Ring a Bell on Christmas Eve and Join the Global Symphony
The coronavirus pandemic may keep loved ones apart this holiday season, but Mary Beggs-Reid from Harrogate, North Yorkshire hopes to bring loved ones together through a simple feat — ringing a bell.
“On Christmas Eve at 6pm (your time) we are asking everyone to come outside and ring a bell for 2 mins to spread Christmas spirit and to help Santa fly that sleigh,” writes Mary.
What started as a little idea for Mary’s Harrogate Community in the UK began to gain momentum. Mary “thought a Facebook group would be a good idea for all communities to join in.” It was back in October that Mary had the idea for bell ringing and well . . . the idea has snowballed. As of this writing, a week before Christmas, her Worldwide Christmas Eve Jingle Group has over 430,000 members on Facebook.
The Christmas Jingle is a simple idea that started with one woman, Mary, but has continued to grow around the world. On Christmas Eve, at 6 p.m. local time, families will stand on their front steps and simply ring a bell. Organizers are hoping that the sounds on that still winter night will travel all the way to the North Pole to help guide Santa on his way. But more than that, the sound will lift the hearts of those near and far who are doing their best to keep the Christmas spirit alive in these very challenging times.
In Northern Vancouver, a whole community has rallied around the idea. They are not only ringing bells but joining also in song. They’re bringing a playlist, their bluetooth, and a sound system to their block.
“It’s a neighborhood choir that is following all the rules of social distancing,” said Laurel Gurnsey (pictured above) , adding that she’s hoping it will bring a sense of comfort and community to people who may not be able to celebrate with their families this Christmas. “If they’re singing with the block, if they’re ringing bells with the block, they’re not going to be alone, which is kind of a neat feeling.”
The Christmas carol playlist, which will be boosted with the help of songs playing on a bluetooth speaker, will start with O Holy Night. It’s a song that suits the occasion. “It has a line in it,” says Laurel ‘the weary world rejoices.’ We figured that was perfect.”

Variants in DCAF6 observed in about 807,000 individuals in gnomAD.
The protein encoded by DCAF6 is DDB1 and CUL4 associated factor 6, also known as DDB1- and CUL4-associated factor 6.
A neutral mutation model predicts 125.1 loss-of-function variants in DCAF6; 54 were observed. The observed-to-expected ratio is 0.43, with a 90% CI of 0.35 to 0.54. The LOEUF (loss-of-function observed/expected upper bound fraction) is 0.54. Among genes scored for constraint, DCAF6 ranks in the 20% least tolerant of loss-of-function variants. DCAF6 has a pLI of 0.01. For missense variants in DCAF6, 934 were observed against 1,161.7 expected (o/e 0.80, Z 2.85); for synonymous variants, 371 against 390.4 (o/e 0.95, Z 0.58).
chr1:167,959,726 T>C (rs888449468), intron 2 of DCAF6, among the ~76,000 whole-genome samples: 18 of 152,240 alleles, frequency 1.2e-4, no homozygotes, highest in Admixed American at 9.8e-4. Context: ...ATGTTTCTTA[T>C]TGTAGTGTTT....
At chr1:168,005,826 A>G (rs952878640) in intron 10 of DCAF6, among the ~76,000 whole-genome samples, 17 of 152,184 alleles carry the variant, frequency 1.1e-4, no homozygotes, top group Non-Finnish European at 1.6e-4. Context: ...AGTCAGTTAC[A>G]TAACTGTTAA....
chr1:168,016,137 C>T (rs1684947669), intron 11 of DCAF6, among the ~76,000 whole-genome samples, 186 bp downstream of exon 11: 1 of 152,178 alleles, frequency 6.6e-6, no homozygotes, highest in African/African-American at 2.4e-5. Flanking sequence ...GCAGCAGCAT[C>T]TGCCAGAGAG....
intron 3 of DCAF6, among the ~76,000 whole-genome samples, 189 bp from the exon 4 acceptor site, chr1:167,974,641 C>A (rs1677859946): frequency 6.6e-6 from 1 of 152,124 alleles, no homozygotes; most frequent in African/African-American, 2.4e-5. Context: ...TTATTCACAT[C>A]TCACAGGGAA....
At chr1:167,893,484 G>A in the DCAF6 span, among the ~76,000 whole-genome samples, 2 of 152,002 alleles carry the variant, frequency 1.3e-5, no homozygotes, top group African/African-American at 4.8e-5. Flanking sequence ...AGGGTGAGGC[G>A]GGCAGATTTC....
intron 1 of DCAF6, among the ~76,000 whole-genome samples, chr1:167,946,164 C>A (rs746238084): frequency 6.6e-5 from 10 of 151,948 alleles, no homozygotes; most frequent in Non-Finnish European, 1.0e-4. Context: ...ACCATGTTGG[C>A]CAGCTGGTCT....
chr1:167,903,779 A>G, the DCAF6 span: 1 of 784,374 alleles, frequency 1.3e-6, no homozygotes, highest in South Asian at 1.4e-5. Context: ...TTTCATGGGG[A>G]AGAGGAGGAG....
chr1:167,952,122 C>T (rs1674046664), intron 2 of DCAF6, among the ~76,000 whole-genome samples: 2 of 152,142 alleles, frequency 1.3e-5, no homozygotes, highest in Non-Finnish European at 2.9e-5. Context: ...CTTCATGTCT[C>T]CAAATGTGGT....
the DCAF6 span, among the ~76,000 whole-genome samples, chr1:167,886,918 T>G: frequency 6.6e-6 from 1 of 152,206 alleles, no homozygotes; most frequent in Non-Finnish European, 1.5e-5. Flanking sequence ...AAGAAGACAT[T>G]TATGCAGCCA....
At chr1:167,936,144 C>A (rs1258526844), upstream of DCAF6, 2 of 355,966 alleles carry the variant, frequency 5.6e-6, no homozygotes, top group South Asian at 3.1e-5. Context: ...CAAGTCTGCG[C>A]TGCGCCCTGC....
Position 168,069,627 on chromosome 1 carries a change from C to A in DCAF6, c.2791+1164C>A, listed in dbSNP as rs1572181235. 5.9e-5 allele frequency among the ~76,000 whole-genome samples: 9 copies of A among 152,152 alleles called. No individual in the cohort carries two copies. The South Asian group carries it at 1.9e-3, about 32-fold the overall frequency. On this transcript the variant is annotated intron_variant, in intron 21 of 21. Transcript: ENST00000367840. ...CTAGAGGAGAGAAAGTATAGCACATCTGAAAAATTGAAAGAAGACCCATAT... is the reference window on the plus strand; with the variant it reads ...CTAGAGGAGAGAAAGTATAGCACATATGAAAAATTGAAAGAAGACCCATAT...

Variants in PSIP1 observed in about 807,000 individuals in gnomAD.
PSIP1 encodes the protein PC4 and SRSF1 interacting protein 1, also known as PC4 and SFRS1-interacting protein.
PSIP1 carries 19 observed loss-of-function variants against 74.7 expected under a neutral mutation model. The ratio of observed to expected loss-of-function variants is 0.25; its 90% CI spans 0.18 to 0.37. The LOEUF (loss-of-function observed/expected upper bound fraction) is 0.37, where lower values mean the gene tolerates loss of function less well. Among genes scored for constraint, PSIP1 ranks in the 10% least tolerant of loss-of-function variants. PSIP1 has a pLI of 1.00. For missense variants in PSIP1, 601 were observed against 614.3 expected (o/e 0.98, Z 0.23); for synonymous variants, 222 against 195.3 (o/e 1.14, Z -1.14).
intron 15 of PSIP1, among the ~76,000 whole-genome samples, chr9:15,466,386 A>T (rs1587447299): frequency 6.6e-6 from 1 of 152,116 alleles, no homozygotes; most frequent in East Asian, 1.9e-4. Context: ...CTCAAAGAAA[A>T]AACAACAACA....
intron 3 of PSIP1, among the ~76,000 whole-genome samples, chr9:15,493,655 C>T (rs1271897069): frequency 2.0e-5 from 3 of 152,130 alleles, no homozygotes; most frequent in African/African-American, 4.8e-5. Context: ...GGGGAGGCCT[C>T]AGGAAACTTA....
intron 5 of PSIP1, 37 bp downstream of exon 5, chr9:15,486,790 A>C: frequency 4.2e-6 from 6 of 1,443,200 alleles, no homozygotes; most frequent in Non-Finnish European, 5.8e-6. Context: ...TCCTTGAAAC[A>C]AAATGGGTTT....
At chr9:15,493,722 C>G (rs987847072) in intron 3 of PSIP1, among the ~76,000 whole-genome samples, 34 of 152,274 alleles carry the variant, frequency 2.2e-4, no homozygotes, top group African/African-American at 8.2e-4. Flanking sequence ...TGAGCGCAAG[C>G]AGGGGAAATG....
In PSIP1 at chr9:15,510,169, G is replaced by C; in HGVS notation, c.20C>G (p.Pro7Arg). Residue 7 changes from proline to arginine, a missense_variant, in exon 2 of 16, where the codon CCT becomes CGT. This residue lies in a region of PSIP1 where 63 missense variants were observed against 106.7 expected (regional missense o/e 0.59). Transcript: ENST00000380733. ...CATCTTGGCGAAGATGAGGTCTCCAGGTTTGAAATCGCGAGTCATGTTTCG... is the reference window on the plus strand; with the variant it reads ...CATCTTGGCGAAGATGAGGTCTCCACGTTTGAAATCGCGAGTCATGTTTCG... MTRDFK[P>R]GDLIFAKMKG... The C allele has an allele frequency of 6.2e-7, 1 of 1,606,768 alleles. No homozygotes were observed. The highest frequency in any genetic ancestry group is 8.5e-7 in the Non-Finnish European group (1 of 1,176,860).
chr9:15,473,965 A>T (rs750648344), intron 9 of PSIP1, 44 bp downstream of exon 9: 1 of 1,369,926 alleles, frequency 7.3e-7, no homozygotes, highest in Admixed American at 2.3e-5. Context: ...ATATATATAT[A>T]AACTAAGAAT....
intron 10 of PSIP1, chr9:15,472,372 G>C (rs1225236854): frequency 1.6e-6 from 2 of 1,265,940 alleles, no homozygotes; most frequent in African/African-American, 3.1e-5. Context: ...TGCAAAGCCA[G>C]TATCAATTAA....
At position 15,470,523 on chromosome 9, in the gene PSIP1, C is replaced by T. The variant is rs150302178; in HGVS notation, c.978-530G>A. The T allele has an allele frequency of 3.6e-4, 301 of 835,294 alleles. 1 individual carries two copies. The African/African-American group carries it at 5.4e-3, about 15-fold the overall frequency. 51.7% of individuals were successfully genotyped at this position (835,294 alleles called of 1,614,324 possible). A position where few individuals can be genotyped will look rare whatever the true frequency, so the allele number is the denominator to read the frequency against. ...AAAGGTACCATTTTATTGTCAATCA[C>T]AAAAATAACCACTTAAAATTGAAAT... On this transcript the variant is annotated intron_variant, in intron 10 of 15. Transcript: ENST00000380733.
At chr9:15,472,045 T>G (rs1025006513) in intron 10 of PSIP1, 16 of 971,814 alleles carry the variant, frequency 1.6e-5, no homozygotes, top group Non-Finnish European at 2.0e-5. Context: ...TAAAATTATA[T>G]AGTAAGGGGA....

While the bells and carols will spread goodwill throughout their neighborhood, the campaign is a powerful reminder that people around the globe are fighting the same fight, said Gurnsey, adding that she personally has friends in Australia, Italy, England and the United States who will be doing the exact same thing at 6 p.m. on Christmas Eve.
“It’s the best kind of viral — it’s not the scary kind at all,” said Gurnsey with a laugh. “We’re thinking at night, when there isn’t a lot of traffic noise, the sound of the carols is just going to spread in the night air.”
Well, I’m from Southbridge, Massachusetts, and I am going to make sure my brother and I participate at 6 pm EST time. We are blessed with a great farm porch from which to ring and sing (if I can convince him). I took this photo yesterday (12.17) during that brutal snowstorm.
The Worldwide Christmas Jingle is a great symbol of hope and unity. It reminds me of that iconic moment at the end of How the Grinch Stole Christmas, when the Grinch having stolen everything from the town of Whoville, including all the gifts, puddings and trees, is awakened to the hope of singing. It came without ribbons, it came without tags. It came without packages, boxes, or bags . . .
This year, the pandemic has been our Grinch. It has caused tremendous loss and suffering. But, it won’t keep us down forever. That’s the message of this global feat.
After a tough year,” writes Mary Beggs-Reid , “ it would be an amazing memory for the kids and communities. End 2020 with a bit of magic, hope and togetherness!”